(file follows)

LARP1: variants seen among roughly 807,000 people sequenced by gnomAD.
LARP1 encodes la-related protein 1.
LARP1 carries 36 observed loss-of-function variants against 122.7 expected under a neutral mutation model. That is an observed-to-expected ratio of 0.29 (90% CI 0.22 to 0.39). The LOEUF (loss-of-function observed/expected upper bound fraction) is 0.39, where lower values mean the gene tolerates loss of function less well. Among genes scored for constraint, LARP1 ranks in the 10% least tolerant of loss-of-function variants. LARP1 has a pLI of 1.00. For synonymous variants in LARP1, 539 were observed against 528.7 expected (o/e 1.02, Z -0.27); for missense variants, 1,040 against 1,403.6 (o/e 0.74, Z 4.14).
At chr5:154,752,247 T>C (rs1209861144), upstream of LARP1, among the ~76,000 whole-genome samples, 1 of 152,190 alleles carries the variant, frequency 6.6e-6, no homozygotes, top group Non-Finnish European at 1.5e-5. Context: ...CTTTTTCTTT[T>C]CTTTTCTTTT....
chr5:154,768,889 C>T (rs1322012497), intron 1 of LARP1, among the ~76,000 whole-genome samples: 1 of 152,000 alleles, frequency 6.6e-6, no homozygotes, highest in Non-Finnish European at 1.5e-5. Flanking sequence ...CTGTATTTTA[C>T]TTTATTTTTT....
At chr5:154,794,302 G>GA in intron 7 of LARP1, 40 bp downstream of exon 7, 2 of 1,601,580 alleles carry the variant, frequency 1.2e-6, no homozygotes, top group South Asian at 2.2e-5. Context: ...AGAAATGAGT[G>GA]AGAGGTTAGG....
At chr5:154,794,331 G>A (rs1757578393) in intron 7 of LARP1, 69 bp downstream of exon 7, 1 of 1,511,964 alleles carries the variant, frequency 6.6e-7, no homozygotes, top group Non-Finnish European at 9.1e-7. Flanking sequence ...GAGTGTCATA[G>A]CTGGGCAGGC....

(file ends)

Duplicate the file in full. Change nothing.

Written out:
LARP1: variants seen among roughly 807,000 people sequenced by gnomAD.
LARP1 encodes la-related protein 1.
LARP1 carries 36 observed loss-of-function variants against 122.7 expected under a neutral mutation model. That is an observed-to-expected ratio of 0.29 (90% CI 0.22 to 0.39). The LOEUF (loss-of-function observed/expected upper bound fraction) is 0.39, where lower values mean the gene tolerates loss of function less well. Among genes scored for constraint, LARP1 ranks in the 10% least tolerant of loss-of-function variants. LARP1 has a pLI of 1.00. For synonymous variants in LARP1, 539 were observed against 528.7 expected (o/e 1.02, Z -0.27); for missense variants, 1,040 against 1,403.6 (o/e 0.74, Z 4.14).
At chr5:154,752,247 T>C (rs1209861144), upstream of LARP1, among the ~76,000 whole-genome samples, 1 of 152,190 alleles carries the variant, frequency 6.6e-6, no homozygotes, top group Non-Finnish European at 1.5e-5. Context: ...CTTTTTCTTT[T>C]CTTTTCTTTT....
chr5:154,768,889 C>T (rs1322012497), intron 1 of LARP1, among the ~76,000 whole-genome samples: 1 of 152,000 alleles, frequency 6.6e-6, no homozygotes, highest in Non-Finnish European at 1.5e-5. Flanking sequence ...CTGTATTTTA[C>T]TTTATTTTTT....
At chr5:154,794,302 G>GA in intron 7 of LARP1, 40 bp downstream of exon 7, 2 of 1,601,580 alleles carry the variant, frequency 1.2e-6, no homozygotes, top group South Asian at 2.2e-5. Context: ...AGAAATGAGT[G>GA]AGAGGTTAGG....
At chr5:154,794,331 G>A (rs1757578393) in intron 7 of LARP1, 69 bp downstream of exon 7, 1 of 1,511,964 alleles carries the variant, frequency 6.6e-7, no homozygotes, top group Non-Finnish European at 9.1e-7. Flanking sequence ...GAGTGTCATA[G>A]CTGGGCAGGC....